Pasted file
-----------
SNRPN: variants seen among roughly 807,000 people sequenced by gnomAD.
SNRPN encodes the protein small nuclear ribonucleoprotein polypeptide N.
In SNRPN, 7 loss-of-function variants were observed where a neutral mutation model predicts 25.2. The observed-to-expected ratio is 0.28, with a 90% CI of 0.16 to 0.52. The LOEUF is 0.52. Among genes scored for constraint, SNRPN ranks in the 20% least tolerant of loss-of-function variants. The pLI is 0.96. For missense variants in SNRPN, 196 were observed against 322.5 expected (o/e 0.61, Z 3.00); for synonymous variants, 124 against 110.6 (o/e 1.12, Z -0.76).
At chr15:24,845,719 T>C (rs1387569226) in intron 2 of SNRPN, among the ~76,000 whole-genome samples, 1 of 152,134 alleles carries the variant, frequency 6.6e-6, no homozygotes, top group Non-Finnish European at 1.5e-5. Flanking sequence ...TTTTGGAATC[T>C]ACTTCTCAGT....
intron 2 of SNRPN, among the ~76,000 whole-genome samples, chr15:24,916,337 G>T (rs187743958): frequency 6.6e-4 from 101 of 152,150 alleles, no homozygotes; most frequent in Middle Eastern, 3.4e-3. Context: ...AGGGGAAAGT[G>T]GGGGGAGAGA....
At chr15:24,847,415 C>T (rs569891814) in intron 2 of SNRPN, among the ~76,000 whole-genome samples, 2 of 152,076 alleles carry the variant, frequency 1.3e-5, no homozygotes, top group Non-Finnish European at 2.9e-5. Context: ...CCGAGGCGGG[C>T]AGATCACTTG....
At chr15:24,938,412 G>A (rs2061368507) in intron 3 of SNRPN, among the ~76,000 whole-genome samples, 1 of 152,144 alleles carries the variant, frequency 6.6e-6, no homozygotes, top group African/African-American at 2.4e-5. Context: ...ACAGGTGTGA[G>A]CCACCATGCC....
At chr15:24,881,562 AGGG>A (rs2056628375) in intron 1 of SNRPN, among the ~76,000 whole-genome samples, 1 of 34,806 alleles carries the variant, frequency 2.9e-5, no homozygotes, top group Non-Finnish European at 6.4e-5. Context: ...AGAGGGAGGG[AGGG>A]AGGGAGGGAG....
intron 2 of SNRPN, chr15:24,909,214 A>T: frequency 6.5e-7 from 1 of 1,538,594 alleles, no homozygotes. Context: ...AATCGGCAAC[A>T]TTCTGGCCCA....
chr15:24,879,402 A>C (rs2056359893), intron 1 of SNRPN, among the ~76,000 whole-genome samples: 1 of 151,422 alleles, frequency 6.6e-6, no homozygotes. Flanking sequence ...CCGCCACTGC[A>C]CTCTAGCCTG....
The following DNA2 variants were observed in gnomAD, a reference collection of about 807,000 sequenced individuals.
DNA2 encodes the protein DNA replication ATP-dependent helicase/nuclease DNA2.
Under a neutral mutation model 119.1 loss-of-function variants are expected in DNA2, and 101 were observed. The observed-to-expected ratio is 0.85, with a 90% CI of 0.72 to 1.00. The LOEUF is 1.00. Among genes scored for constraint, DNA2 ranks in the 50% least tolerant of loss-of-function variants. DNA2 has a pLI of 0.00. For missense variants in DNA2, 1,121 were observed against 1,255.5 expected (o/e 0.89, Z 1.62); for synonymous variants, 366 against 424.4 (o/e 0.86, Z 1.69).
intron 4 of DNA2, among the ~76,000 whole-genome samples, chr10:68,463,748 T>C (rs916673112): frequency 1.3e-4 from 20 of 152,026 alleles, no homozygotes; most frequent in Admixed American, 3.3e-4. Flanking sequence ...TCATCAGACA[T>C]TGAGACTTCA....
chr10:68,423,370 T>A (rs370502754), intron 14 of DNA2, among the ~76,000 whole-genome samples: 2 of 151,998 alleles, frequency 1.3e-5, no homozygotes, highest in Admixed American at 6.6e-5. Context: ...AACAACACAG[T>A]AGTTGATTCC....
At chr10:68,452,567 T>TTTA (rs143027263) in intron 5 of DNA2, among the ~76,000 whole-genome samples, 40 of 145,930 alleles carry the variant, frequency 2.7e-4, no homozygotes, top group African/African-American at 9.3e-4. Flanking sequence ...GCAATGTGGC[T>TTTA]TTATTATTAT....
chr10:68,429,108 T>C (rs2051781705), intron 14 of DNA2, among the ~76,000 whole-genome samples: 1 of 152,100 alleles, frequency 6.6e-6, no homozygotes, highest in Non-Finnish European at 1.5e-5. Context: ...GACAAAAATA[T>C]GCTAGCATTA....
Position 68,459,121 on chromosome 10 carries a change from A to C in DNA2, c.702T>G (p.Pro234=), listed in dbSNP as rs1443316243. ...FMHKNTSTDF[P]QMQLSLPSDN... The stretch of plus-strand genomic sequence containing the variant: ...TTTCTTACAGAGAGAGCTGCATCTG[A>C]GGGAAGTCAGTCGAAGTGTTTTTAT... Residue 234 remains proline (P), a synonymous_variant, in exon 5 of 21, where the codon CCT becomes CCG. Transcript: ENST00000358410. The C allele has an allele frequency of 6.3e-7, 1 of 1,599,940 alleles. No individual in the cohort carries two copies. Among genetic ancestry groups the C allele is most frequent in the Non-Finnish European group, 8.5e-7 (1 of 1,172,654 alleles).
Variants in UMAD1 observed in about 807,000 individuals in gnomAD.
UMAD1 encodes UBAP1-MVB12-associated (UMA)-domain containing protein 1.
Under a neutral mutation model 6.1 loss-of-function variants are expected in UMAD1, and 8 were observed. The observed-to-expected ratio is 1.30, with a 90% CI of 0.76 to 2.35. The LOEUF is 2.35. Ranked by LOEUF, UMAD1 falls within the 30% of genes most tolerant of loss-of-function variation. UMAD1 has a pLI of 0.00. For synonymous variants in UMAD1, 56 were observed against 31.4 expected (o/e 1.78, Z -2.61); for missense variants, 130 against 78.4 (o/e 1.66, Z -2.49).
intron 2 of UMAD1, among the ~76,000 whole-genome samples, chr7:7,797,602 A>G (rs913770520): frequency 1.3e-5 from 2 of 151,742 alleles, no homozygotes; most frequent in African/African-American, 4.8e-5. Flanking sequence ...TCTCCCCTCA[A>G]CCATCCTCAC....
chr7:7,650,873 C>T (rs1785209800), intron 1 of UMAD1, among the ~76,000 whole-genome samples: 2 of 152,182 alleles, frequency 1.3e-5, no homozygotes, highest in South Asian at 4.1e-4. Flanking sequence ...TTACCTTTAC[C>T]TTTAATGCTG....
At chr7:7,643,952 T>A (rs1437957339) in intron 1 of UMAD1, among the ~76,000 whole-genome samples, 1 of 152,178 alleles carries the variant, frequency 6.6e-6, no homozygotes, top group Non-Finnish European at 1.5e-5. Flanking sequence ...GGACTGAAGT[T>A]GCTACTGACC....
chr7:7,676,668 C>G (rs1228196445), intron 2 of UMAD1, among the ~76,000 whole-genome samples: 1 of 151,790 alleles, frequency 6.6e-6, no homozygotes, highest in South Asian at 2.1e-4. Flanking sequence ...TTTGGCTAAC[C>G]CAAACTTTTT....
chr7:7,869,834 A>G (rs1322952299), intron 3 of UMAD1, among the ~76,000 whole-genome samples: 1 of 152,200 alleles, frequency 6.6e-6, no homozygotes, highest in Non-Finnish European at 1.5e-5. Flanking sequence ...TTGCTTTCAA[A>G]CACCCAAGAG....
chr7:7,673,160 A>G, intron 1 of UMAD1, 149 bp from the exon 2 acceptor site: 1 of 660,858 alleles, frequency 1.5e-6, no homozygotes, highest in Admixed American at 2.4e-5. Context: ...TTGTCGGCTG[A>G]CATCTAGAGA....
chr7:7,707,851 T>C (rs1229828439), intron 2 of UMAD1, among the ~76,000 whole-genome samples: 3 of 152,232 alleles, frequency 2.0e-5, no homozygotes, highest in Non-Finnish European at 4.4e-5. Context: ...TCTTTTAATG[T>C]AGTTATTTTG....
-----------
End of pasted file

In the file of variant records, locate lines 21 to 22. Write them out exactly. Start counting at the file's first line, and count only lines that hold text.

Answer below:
Under a neutral mutation model 6.1 loss-of-function variants are expected in UMAD1, and 8 were observed. The observed-to-expected ratio is 1.30, with a 90% CI of 0.76 to 2.35. The LOEUF is 2.35. Ranked by LOEUF, UMAD1 falls within the 30% of genes most tolerant of loss-of-function variation. UMAD1 has a pLI of 0.00. For synonymous variants in UMAD1, 56 were observed against 31.4 expected (o/e 1.78, Z -2.61); for missense variants, 130 against 78.4 (o/e 1.66, Z -2.49).
intron 2 of UMAD1, among the ~76,000 whole-genome samples, chr7:7,797,602 A>G (rs913770520): frequency 1.3e-5 from 2 of 151,742 alleles, no homozygotes; most frequent in African/African-American, 4.8e-5. Flanking sequence ...TCTCCCCTCA[A>G]CCATCCTCAC....